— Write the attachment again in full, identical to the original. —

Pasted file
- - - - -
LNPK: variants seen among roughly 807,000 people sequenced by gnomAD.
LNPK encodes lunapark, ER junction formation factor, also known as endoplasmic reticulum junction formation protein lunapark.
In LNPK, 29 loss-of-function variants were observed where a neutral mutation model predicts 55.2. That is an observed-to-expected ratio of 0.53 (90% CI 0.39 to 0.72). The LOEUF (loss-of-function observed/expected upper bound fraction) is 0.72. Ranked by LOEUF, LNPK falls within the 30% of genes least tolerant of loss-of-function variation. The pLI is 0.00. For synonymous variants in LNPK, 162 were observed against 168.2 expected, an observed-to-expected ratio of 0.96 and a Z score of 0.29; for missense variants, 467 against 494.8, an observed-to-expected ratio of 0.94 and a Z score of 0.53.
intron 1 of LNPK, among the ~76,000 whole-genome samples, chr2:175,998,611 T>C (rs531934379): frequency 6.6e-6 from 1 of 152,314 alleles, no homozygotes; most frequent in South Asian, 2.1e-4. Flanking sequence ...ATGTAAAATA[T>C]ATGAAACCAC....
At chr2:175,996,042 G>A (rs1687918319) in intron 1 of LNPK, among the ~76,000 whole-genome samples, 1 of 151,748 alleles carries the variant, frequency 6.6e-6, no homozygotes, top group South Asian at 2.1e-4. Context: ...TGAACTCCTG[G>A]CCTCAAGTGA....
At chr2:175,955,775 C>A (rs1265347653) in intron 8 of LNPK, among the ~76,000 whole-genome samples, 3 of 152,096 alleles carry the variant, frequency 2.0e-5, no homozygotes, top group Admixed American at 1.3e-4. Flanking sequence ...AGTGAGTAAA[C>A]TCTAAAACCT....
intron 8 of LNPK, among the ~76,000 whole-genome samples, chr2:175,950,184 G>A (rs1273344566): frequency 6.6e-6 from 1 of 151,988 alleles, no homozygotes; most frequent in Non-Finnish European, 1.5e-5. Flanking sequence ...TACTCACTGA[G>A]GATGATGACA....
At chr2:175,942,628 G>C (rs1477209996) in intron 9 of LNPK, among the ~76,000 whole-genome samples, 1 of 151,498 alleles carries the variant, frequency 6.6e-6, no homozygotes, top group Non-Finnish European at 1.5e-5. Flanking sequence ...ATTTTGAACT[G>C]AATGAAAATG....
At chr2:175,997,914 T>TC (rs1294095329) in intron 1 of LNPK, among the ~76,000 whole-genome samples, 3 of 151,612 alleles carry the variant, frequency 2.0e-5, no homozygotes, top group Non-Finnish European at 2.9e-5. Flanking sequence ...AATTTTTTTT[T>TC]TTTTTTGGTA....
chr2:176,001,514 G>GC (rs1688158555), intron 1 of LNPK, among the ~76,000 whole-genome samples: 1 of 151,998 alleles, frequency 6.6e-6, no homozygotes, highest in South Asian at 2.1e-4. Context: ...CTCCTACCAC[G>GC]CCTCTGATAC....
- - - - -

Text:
LNPK: variants seen among roughly 807,000 people sequenced by gnomAD.
LNPK encodes lunapark, ER junction formation factor, also known as endoplasmic reticulum junction formation protein lunapark.
In LNPK, 29 loss-of-function variants were observed where a neutral mutation model predicts 55.2. That is an observed-to-expected ratio of 0.53 (90% CI 0.39 to 0.72). The LOEUF (loss-of-function observed/expected upper bound fraction) is 0.72. Ranked by LOEUF, LNPK falls within the 30% of genes least tolerant of loss-of-function variation. The pLI is 0.00. For synonymous variants in LNPK, 162 were observed against 168.2 expected, an observed-to-expected ratio of 0.96 and a Z score of 0.29; for missense variants, 467 against 494.8, an observed-to-expected ratio of 0.94 and a Z score of 0.53.
intron 1 of LNPK, among the ~76,000 whole-genome samples, chr2:175,998,611 T>C (rs531934379): frequency 6.6e-6 from 1 of 152,314 alleles, no homozygotes; most frequent in South Asian, 2.1e-4. Flanking sequence ...ATGTAAAATA[T>C]ATGAAACCAC....
At chr2:175,996,042 G>A (rs1687918319) in intron 1 of LNPK, among the ~76,000 whole-genome samples, 1 of 151,748 alleles carries the variant, frequency 6.6e-6, no homozygotes, top group South Asian at 2.1e-4. Context: ...TGAACTCCTG[G>A]CCTCAAGTGA....
At chr2:175,955,775 C>A (rs1265347653) in intron 8 of LNPK, among the ~76,000 whole-genome samples, 3 of 152,096 alleles carry the variant, frequency 2.0e-5, no homozygotes, top group Admixed American at 1.3e-4. Flanking sequence ...AGTGAGTAAA[C>A]TCTAAAACCT....
intron 8 of LNPK, among the ~76,000 whole-genome samples, chr2:175,950,184 G>A (rs1273344566): frequency 6.6e-6 from 1 of 151,988 alleles, no homozygotes; most frequent in Non-Finnish European, 1.5e-5. Flanking sequence ...TACTCACTGA[G>A]GATGATGACA....
At chr2:175,942,628 G>C (rs1477209996) in intron 9 of LNPK, among the ~76,000 whole-genome samples, 1 of 151,498 alleles carries the variant, frequency 6.6e-6, no homozygotes, top group Non-Finnish European at 1.5e-5. Flanking sequence ...ATTTTGAACT[G>C]AATGAAAATG....
At chr2:175,997,914 T>TC (rs1294095329) in intron 1 of LNPK, among the ~76,000 whole-genome samples, 3 of 151,612 alleles carry the variant, frequency 2.0e-5, no homozygotes, top group Non-Finnish European at 2.9e-5. Flanking sequence ...AATTTTTTTT[T>TC]TTTTTTGGTA....
chr2:176,001,514 G>GC (rs1688158555), intron 1 of LNPK, among the ~76,000 whole-genome samples: 1 of 151,998 alleles, frequency 6.6e-6, no homozygotes, highest in South Asian at 2.1e-4. Context: ...CTCCTACCAC[G>GC]CCTCTGATAC....